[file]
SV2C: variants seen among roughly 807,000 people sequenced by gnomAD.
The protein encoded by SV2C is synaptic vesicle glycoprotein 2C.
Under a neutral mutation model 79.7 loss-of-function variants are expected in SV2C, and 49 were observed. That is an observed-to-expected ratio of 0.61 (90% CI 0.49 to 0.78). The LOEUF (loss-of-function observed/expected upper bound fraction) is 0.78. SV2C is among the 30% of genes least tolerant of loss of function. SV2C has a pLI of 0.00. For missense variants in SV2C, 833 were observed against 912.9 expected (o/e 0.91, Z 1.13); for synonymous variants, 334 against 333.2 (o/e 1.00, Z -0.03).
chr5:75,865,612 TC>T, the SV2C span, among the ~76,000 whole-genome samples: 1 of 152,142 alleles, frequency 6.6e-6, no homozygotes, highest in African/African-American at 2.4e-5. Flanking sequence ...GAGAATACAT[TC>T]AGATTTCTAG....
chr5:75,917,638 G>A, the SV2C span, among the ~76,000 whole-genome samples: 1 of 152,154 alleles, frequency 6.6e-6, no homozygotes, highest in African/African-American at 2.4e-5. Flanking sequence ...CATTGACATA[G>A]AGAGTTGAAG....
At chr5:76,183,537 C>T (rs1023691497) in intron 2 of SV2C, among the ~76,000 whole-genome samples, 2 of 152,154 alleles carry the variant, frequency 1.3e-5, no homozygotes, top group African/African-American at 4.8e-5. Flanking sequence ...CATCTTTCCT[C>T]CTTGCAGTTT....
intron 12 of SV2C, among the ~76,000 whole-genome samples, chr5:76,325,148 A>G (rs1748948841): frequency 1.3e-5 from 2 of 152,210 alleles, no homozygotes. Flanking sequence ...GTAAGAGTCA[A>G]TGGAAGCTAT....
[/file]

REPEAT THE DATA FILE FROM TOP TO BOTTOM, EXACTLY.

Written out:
SV2C: variants seen among roughly 807,000 people sequenced by gnomAD.
The protein encoded by SV2C is synaptic vesicle glycoprotein 2C.
Under a neutral mutation model 79.7 loss-of-function variants are expected in SV2C, and 49 were observed. That is an observed-to-expected ratio of 0.61 (90% CI 0.49 to 0.78). The LOEUF (loss-of-function observed/expected upper bound fraction) is 0.78. SV2C is among the 30% of genes least tolerant of loss of function. SV2C has a pLI of 0.00. For missense variants in SV2C, 833 were observed against 912.9 expected (o/e 0.91, Z 1.13); for synonymous variants, 334 against 333.2 (o/e 1.00, Z -0.03).
chr5:75,865,612 TC>T, the SV2C span, among the ~76,000 whole-genome samples: 1 of 152,142 alleles, frequency 6.6e-6, no homozygotes, highest in African/African-American at 2.4e-5. Flanking sequence ...GAGAATACAT[TC>T]AGATTTCTAG....
chr5:75,917,638 G>A, the SV2C span, among the ~76,000 whole-genome samples: 1 of 152,154 alleles, frequency 6.6e-6, no homozygotes, highest in African/African-American at 2.4e-5. Flanking sequence ...CATTGACATA[G>A]AGAGTTGAAG....
At chr5:76,183,537 C>T (rs1023691497) in intron 2 of SV2C, among the ~76,000 whole-genome samples, 2 of 152,154 alleles carry the variant, frequency 1.3e-5, no homozygotes, top group African/African-American at 4.8e-5. Flanking sequence ...CATCTTTCCT[C>T]CTTGCAGTTT....
intron 12 of SV2C, among the ~76,000 whole-genome samples, chr5:76,325,148 A>G (rs1748948841): frequency 1.3e-5 from 2 of 152,210 alleles, no homozygotes. Flanking sequence ...GTAAGAGTCA[A>G]TGGAAGCTAT....